[55] Ex parte Hull, 312 U.S. 546, 551, 61 S. Ct. 640, 85 L. Ed. 1034; Whitten v. Tomlinson, 160 U.S. 231, 242, 16 S. Ct. 297, 40 L. Ed. 406; Frank v. Mangum, 237 U.S. 309, 332, 35 S. Ct. 582, 59 L. Ed. 969; Kohl v. Lehlback, 160 U.S. 293, 296, 16 S. Ct. 304, 40 L. Ed. 432; Quagon v. Biddle, 8 Cir., 5 F.2d 608, 609; O'Connell ex rel. Kwong-Han Foo v. Ward, 1 Cir., 126 F.2d 615, 617; Fleenor v. Hammond, 6 Cir., 116 F.2d 982, 987, 132 A. L.R. 1241: "This is analogous to the rule that when a party invokes the power of the courts to hold a statute constitutionally invalid, he is not to be heard unless he has sustained or is in danger of sustaining a direct injury through its enforcement. Massachusetts v. Mellon, 262 U.S. 447, 43 S. Ct. 597, 67 L. Ed. 1078; City of Allegan v. Consumers' Power Co., 6 Cir., 71 F.2d 477."; Osborne v. Johnston, 9 Cir., 120 F.2d 947; Johnson v. Middlebrooks, 5 Cir., 21 F.2d 964.

[56] 28 U.S.C.A. § 454; Ex parte Cuddy, 131 U.S. 280, 9 S. Ct. 703, 33 L. Ed. 154.

[57] Craemer v. Washington State, 168 U.S. 124, 128-129, 18 S. Ct. 1, 2, 42 L. Ed. 407: "By section 754 of the Revised Statutes [28 U.S.C.A. § 454] it is provided that the complaint in habeas corpus shall set forth `the facts concerning the detention of the party restrained, in whose custody he is detained, and by virtue of what claim or authority, if known.' The general rule is undoubted that, if the detention is claimed to be unlawful by reason of the invalidity of the process or proceedings under which the party is held in custody, copies of such process or proceedings must be annexed to, or the essential parts thereof set out in the petition, and mere averments of conclusions of law are necessarily inadequate. Whitten v. Tomlinson, 160 U.S. 231, 16 S. Ct. 297 [40 L. Ed. 406]; Kohl v. Lehlback, 160 U.S. 293, 16 S. Ct. 304 [40 L. Ed. 432]; Church on Habeas Corpus (2d Ed.) § 91, and cases cited. Copies of the information, the verdict, and the judgment thereon were not attached to this petition, nor the essential parts thereof stated, nor any cause assigned for such omission. In that regard the petition was wholly insufficient. But reference was made to the record of the case in the Superior Court of King County, in the Supreme Court of the State, and in this court. The record here, to which we may properly refer Butler v. Eaton, 141 U.S. 240, 11 S. Ct. 985 [35 L. Ed. 713], shows that the information charged Craemer with the crime of murder in the first degree; that the jury `found him guilty as charged'; that he was adjudged guilty of the crime of murder in the first degree, and sentenced to death; that the judgment was affirmed; and that the writ of error to the state court was dismissed. If the point now suggested was not in fact specifically raised in the Supreme Court of the State on appeal, or in this court on writ of error, it must not be assumed that any point on which the jurisdiction might have been sustained was overlooked."; Terlinden v. Ames, 184 U.S. 270, 279, 22 S. Ct. 484, 488, 46 L. Ed. 534: "Petitioner could not select a portion of the documents accompanying the complaint and ask the court to sustain his conclusion of law thereon. Nor could he subsequently supply the inadequacy of the traverse by a certiorari, which could do no more, if it could be, in any view, properly issued at that stage of the proceedings, than bring up what he should have furnished in the first instance."; Andersen v. Treat, 172 U.S. 24, 29, 19 S. Ct. 67, 43 L. Ed. 351; Low Wah Suey v. Backus, 225 U.S. 460, 472, 32 S. Ct. 734, 56 L. Ed. 1165; Cronin v. Ennis, 8 Cir., 11 F.2d 237, 239; O'Connell ex rel. Kwong Han Foo v. Ward, 1 Cir., 126 F.2d 615; Ex parte Hull, 312 U.S. 546, 551, 61 S. Ct. 640, 85 L. Ed. 1034.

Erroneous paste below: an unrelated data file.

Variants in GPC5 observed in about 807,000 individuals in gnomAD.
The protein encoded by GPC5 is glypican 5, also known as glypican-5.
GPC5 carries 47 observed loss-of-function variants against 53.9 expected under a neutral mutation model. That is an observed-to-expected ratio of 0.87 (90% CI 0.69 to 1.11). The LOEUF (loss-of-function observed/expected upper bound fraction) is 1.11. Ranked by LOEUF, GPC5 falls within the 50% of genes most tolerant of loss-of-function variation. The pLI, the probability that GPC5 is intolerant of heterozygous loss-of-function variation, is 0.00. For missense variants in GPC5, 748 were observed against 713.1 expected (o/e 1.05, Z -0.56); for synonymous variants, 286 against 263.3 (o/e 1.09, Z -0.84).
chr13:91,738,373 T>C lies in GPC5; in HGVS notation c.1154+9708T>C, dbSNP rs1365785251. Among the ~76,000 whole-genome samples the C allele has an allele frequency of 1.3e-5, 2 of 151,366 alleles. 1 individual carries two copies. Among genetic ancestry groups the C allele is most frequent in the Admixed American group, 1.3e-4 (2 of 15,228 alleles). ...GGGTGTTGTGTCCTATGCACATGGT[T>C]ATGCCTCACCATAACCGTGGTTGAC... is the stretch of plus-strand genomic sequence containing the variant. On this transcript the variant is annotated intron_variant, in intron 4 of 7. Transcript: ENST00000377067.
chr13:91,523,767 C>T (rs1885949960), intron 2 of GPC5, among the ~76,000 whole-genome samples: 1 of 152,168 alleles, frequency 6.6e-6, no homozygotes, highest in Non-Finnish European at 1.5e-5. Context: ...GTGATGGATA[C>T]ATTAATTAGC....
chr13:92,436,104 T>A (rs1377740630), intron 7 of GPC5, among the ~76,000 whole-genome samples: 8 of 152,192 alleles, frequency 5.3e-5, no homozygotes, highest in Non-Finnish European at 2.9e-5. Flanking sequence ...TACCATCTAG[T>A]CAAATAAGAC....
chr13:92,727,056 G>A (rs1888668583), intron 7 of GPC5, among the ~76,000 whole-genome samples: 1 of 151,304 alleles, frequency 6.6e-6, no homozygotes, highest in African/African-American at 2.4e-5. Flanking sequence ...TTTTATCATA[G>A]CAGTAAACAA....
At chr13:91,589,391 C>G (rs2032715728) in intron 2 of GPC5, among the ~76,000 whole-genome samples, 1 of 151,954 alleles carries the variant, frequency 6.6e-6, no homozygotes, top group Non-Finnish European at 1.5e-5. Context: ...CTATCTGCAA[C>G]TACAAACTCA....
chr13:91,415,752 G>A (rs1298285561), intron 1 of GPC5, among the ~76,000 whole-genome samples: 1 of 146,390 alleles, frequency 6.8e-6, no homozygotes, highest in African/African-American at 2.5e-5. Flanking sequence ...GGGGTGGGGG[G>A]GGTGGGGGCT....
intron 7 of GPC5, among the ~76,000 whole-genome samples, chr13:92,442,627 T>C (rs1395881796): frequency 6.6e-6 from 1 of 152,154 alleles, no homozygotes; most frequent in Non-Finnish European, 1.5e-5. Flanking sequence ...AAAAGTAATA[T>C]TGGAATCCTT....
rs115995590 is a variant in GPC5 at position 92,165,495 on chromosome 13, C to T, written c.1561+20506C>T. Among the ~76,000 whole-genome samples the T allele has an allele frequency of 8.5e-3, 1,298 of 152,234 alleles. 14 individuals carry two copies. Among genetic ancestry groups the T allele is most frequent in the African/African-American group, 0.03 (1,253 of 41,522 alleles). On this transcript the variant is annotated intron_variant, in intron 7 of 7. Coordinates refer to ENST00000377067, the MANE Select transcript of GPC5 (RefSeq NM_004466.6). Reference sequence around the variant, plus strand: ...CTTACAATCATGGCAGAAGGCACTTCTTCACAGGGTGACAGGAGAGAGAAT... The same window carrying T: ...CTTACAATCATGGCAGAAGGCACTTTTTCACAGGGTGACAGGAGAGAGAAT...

[58] Ex parte Cuddy, 131 U.S. 280, 283, 9 S. Ct. 703, 33 L. Ed. 154.

[59] Harrison's Case, 1 Cranch, C.C. 159, 11 Fed.Cas.No.6,131; United States v. Bollman, 1 Cranch, C.C. 373, 24 Fed.Cas. No.14,622; Ex parte Jew You On, D.C. N.D.Cal., 16 F.2d 153; Hom Moon Ong v. Nagle, 9 Cir., 32 F.2d 470, 472.

[60] 28 U.S.C.A. § 454. The wording of the statute seems clearly to imply that under some circumstances the petition may be made and verified by a person other than the person detained: See United States ex rel. Funaro v. Watchorn, C.C.N.Y., 164 F. 152. However the reason why he did not personally verify the petition should be set forth: See Ex parte Baez, 177 U.S. 378, 20 S. Ct. 673, 44 L. Ed. 813. The verification may be on information and belief: Ex parte Delgado, 12 Porto Rico 258. See, also, Collins v. Traeger, 9 Cir., 27 F.2d 842, 843.

[61] Holiday v. Johnston, 313 U.S. 342, 350, 61 S. Ct. 1015, 85 L. Ed. 1392.

[62] Pyle v. Kansas, 317 U.S. 213, 216, 63 S. Ct. 177, 87 L. Ed. 214; Williams v. Kaiser, 323 U.S. 471, 475, 65 S. Ct. 363.

[63] Andersen v. Treat, 172 U.S. 24, 29, 31, 19 S. Ct. 67, 43 L. Ed. 351; Ex parte Zimmerman, 9 Cir., 132 F.2d 442, 445-446; Pagett v. McCauley, 9 Cir., 95 F.2d 839; Rookard v. Huff, 79 U.S.App. D.C. 291, 145 F.2d 708. See note 73 infra; see, also, Walker v. Johnston, 312 U.S. 275, 284, 61 S. Ct. 574, 85 L. Ed. 830; cf. Holiday v. Johnston, 313 U.S. 342, 349, 61 S. Ct. 1015, 85 L. Ed. 1392.

[64] See Hodge v. Huff, 78 U.S.App.D.C. 329, 140 F.2d 686; Williams v. Huff, 79 U.S.App.D.C. 31, 142 F.2d 91; Ex parte Hull, 312 U.S. 546, 61 S. Ct. 640, 85 L. Ed. 1034; Cochran v. Kansas, 316 U.S. 255, 256, 62 S. Ct. 1068, 86 L. Ed. 1453; Hill v. United States ex rel. Wampler, 298 U.S. 460, 467, 56 S. Ct. 760, 80 L. Ed. 1283.

[65] Wrobel v. Overholser, 79 U.S.App. D.C. 293, 145 F.2d 859; Barry v. Hall, 68 App.D.C. 350, 98 F.2d 222.

[66] Kwock Jan Fat v. White, 253 U.S. 454, 40 S. Ct. 566, 64 L. Ed. 1010; Low Wah Suey v. Backus, 225 U.S. 460, 472, 32 S. Ct. 734, 56 L. Ed. 1165.

[67] Cf. Wellman v. Moore, 76 U.S.App. D.C. 175, 130 F.2d 438.